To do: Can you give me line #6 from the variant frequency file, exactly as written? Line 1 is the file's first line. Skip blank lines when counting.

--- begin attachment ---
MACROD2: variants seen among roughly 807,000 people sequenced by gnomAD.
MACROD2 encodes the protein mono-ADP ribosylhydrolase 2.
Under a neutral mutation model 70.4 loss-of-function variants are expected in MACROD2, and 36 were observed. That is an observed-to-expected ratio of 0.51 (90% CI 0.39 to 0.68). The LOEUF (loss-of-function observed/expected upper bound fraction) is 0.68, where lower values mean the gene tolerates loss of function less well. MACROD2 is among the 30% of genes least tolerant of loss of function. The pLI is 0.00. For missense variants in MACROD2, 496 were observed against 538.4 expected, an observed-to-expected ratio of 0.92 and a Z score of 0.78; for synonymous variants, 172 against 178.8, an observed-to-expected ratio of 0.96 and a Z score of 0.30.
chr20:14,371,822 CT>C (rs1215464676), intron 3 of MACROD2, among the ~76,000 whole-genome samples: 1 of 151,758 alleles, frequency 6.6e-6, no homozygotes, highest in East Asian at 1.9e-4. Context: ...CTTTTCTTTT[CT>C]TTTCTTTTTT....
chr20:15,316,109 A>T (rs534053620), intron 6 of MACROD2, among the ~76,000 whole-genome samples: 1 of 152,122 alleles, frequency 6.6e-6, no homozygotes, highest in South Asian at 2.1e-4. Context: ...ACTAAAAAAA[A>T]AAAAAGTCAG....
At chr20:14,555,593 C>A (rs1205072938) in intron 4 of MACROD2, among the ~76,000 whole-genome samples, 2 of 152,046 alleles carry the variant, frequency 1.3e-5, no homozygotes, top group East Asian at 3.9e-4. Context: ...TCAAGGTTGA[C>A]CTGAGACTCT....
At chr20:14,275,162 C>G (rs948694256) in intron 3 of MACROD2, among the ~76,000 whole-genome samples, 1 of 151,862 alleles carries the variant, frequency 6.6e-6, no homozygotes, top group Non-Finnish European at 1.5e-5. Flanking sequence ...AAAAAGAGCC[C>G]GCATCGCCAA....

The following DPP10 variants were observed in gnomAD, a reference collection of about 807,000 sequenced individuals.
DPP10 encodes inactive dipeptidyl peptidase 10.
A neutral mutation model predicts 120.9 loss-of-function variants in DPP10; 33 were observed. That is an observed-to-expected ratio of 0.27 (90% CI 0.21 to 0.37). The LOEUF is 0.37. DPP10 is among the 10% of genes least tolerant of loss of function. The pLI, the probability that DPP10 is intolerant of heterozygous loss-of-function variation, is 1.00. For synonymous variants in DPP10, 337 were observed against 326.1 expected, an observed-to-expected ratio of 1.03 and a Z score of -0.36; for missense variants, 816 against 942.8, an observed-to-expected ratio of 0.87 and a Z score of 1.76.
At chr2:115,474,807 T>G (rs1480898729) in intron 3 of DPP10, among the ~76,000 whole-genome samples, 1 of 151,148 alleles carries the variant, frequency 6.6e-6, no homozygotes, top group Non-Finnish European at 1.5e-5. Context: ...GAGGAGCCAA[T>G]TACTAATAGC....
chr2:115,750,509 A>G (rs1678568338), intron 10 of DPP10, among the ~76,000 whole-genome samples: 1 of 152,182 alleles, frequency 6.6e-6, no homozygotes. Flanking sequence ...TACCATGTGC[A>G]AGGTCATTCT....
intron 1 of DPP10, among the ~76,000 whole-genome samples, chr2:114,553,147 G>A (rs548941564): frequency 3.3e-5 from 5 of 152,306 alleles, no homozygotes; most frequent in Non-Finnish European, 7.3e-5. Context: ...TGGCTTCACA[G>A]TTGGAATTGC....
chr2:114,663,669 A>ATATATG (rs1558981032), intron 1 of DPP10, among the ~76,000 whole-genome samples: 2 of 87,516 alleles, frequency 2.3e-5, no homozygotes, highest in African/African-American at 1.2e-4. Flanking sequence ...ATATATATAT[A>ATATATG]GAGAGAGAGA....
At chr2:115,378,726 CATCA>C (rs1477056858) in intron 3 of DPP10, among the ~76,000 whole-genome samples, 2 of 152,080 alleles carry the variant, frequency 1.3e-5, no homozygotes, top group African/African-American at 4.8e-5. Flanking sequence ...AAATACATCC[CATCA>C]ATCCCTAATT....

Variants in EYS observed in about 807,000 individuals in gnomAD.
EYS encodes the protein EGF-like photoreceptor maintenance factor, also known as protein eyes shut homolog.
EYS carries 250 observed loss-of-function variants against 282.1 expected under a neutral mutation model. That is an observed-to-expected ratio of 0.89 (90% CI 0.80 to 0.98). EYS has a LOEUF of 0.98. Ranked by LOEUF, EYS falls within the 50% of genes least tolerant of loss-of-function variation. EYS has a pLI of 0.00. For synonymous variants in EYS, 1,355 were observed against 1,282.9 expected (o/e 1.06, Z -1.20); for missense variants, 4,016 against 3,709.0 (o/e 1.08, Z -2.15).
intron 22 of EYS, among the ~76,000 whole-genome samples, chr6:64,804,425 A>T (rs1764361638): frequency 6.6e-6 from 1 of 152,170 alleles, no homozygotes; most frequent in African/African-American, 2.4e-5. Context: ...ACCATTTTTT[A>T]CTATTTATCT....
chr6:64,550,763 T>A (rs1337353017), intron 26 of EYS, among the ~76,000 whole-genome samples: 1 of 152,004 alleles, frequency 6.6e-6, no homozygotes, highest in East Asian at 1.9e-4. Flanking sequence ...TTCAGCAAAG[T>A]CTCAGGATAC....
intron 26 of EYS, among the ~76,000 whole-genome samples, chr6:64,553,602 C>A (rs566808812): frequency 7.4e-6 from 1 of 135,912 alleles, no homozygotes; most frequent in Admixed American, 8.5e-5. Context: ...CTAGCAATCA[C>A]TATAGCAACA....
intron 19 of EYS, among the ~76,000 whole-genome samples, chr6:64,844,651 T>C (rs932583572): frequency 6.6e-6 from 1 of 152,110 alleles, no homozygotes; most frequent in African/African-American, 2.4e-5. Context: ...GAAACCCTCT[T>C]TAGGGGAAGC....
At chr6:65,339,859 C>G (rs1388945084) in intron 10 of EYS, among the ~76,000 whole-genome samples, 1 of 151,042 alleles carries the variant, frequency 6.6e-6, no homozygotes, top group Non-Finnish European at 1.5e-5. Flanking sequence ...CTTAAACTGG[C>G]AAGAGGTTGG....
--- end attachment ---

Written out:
At chr20:14,555,593 C>A (rs1205072938) in intron 4 of MACROD2, among the ~76,000 whole-genome samples, 2 of 152,046 alleles carry the variant, frequency 1.3e-5, no homozygotes, top group East Asian at 3.9e-4. Context: ...TCAAGGTTGA[C>A]CTGAGACTCT....